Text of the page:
Garment workers suffered 35pc pay cut during lockdown: study finds
Bangladeshi workers in the readymade garments sector suffered a 35 per cent pay cut during the lockdown for the ongoing pandemic last year, according to a new study.
"While the industry suffered from the closure of markets, suspended shipments, delayed payments and a liquidity crisis, Bangladeshi workers suffered what was in effect a 35% pay cut during the lockdown month," the study reads.
The study report titled "The Weakest Link in the Global Supply Chain: How the Pandemic is Affecting Bangladesh's Garment Workers" was virtually launched today.
The Subir and Malini Chowdhury Center for Bangladesh Studies and UC Berkeley in collaboration with the Institute for Human Rights and Business with support from UNDP Bangladesh and Sweden conducted the study.
The report is drawn from in-depth interviews conducted between October 2020 and February 2021 with senior executives from international brands, Bangladeshi suppliers, representatives of the international civil society, and Bangladeshi labour activists.
It sought to understand the impacts of the Covid-19 pandemic on the industry and the workers and it proposes changes to policies and practices that can lead to long-term changes that would benefit global retailers, suppliers, and ultimately workers themselves.
The study said many Bangladeshi factories supplying to international brands consolidated their business.
Many thousands of workers lost jobs and depleted their savings without having a safety net to fall back on, according to a statement.
"As Bangladesh's second lockdown is underway, the findings offer a cautionary tale on how brands and supply chains should respond."
UNDP Bangladesh Resident Representative Sudipto Mukerjee suggested a fundamental mind shift in terms of the role and responsibilities of the business sector.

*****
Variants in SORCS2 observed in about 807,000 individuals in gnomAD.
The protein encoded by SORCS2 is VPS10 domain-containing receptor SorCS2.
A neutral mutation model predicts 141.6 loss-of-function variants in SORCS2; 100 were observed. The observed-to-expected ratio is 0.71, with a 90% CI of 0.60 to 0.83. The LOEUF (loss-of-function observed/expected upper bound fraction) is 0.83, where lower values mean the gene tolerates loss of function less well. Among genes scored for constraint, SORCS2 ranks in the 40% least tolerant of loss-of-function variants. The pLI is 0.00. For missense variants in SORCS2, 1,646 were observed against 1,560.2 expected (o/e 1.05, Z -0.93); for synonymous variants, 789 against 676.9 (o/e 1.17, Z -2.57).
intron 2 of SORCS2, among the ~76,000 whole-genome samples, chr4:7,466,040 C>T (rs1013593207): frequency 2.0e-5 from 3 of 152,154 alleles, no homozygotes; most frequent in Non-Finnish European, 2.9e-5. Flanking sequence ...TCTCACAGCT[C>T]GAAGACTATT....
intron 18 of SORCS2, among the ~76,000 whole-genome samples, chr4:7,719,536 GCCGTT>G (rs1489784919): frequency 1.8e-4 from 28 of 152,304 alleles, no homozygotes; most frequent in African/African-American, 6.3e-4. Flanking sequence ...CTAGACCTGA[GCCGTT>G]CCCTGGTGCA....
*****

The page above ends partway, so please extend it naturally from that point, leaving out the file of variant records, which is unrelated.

"If we want to reverse pernicious trends that have offset much of the pre-Covid progress made in the implementation of the 2030 Agenda for Sustainable Development, we must commit ourselves to tackle the crisis head-on and to do so together."
Subir and Malini Chowdhury Center for Bangladesh Studies Director Sanchita Saxena said it is extremely critical, now more than ever, to engage in research to understand the impacts of Covid-19 throughout the world.
"In Bangladesh, while the pandemic has disproportionately affected vulnerable communities, it has been particularly detrimental for the workers at the very bottom of global supply chains in the nation's many garment factories."
While the scale of the pandemic took everyone by surprise, lessons must be learned from the experience so that the effect of Bangladesh's second lockdown, now underway, causes the least harm to those who suffered the most the last time, said Salil Tripathi, IHRB's senior adviser for global issues and the report's co-author.
Labour Secretary KM Abdus Salam shared different initiatives taken by the labour ministry for the welfare of garment workers during the lockdown period and to continue the production.
"We also need to develop occupational health and safety culture, which can create a brand image and goodwill."
Faruque Hassan, president of Bangladesh Garment Manufacturers and Exporters Association, also spoke of some steps with support from the government to ensure safety of garment workers, including establishment of isolation centres and Polymerase Chain Reaction (PCR) lab.
National Human Rights Commission Member Kamal Uddin Ahmed also spoke.